Once the front piece is fully attached, it’s time to attach the 1×6 piece to the back of the art ledge. I had to use a right angle bit attachment for my drill to get these screwed in, since the front piece was already attached. We use this thing all the time and it’s such a helpful tool to have when you’ve got a project that has some tricky angles!
Once you’ve screwed in all of your pocket holes, it’s done! Remove the clamps, wipe off the excess glue, and you’re ready for stain!
Other assembly methods
While pocket holes were my method of choice for this project, it’s not the only way to do it! Here are two other ideas for how you can assemble your DIY art ledge:
- Use wood glue and brad nails. I use this method a lot and it honestly would have worked fine here as well, I was just impatient and didn’t want to be reliant on waiting for glue to cure before I could hang it! Wood glue is incredibly strong, and would work fine alone. Just apply wood glue along each seam, then clamp the boards together and use a nail gun to add nails to hold it all in place while it dries. No nail gun? Nails and a hammer work fine too, promise.
- Screw it together! Another really simple method would simply be to use your drill to screw the boards together! If you took this approach, I’d recommend screwing in the back board from the back (obviously), and for the front piece I would rest it on top of the bottom piece rather than in front of it – then you can screw it in from underneath. Be sure to pre-drill holes in your boards before assembly if this is the method you decide to use!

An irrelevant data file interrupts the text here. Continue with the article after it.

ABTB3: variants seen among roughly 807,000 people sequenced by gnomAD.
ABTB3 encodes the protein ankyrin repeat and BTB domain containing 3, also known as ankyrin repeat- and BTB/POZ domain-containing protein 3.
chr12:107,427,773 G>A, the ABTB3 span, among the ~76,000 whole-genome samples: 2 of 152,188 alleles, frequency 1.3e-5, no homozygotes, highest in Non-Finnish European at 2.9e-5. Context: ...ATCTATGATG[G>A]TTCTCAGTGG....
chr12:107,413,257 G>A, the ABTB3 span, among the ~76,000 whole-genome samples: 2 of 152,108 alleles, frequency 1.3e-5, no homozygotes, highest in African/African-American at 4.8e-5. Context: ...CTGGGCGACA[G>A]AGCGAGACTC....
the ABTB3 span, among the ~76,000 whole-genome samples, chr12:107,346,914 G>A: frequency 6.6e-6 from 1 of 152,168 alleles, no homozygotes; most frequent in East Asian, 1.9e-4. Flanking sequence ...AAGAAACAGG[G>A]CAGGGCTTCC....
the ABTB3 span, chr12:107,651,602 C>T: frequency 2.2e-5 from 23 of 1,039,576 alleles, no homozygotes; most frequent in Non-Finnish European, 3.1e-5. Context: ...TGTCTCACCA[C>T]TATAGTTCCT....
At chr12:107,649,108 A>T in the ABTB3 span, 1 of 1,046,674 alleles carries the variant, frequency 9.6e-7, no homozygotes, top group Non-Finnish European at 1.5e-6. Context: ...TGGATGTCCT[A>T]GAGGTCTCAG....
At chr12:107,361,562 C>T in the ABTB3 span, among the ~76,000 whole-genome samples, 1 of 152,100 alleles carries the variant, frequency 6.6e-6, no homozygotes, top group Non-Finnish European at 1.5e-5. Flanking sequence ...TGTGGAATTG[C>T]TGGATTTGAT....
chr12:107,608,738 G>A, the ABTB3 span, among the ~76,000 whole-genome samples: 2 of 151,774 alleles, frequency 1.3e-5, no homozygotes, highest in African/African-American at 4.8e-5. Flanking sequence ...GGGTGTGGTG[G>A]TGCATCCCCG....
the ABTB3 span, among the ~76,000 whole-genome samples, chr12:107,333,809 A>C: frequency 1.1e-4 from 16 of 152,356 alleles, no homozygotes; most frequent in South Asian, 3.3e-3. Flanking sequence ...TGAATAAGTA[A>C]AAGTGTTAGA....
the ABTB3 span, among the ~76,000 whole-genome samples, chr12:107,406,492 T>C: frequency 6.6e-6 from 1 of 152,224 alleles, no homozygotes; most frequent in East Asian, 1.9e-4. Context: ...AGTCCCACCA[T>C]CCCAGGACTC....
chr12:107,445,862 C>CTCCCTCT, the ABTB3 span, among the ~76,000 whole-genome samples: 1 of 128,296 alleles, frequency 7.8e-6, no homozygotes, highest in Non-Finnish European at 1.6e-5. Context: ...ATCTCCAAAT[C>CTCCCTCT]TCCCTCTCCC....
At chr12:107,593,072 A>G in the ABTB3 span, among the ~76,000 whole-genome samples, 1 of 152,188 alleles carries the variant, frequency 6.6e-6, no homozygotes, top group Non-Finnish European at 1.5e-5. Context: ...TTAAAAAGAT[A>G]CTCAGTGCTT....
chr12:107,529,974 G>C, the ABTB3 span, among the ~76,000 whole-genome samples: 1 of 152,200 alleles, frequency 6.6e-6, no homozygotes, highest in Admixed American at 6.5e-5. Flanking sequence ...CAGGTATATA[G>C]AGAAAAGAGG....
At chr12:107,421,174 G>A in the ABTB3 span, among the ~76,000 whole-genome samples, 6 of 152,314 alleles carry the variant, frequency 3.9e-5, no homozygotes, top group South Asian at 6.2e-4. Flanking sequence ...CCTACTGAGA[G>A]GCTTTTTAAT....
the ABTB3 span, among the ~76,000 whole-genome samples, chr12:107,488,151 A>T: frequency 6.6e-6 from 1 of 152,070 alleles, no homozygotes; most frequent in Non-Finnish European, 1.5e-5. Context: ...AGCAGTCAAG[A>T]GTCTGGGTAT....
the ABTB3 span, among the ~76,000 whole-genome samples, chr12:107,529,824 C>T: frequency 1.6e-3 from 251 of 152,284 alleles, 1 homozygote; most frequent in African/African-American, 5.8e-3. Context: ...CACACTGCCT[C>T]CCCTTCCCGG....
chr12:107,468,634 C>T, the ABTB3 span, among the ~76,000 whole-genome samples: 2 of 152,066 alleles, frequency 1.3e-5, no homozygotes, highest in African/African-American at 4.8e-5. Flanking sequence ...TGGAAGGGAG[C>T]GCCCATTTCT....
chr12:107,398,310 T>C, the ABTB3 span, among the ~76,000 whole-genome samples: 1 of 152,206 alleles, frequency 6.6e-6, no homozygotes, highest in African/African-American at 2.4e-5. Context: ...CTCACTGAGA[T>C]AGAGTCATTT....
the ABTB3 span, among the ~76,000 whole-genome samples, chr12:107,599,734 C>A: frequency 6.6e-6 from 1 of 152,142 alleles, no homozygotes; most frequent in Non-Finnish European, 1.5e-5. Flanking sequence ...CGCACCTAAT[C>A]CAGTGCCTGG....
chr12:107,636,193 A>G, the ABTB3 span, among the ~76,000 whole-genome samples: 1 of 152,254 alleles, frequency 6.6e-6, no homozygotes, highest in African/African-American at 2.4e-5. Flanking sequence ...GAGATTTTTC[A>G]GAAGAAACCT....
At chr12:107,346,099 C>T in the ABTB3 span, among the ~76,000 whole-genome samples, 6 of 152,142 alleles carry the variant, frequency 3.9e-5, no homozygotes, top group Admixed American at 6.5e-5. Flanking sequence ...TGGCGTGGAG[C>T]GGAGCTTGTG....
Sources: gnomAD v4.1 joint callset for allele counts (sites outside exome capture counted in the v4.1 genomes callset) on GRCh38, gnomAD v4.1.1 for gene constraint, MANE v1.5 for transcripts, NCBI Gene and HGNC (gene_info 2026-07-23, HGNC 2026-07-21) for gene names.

Stain or Paint
Once your picture ledge has been assembled, you can stain or paint it. Or, if you’re working with something like white Oak, you can leave it raw, too!
- Here are some tips for staining wood
- Here are the best black wood stains
- And here are my favorite white wood stains
How to Hang a Picture Ledge
To hang our picture ledge, we decided that the simplest approach was probably best. We located the studs on our wall, then we drilled holes in the back of the art ledge so that they’d line up with the studs. From there, we just used plain ol’ 3″ long screws to drill through the back of the art ledge and directly into the studs!
It’s not the most glamorous technique, but the screws will literally always be covered up with art, so who cares?!
Once the art ledge was hung, I filled it up with art and never looked back. It’s one of my favorite touches in our house, and it brings me so much joy! Plus, it gives me an excuse for all sorts of new art purchases. I mean, I’ve got a lot of space to fill!
Art Ledge Styling Tips
You don’t have to just include art on your picture ledge! You can also add small trinkets, even skinny vases with flowers! I’ve seen a lot of really creative uses for picture ledges, so be sure to think outside the box. You can add a lot of visual interest to your space by playing around with height and texture here. You could pick a color scheme and stick to that for a cohesive look, or you could go super eclectic. There’s no right or wrong answer here!
Shop Our Picture Ledge
Looking for links to something you see on our picture ledge? Snag it all below!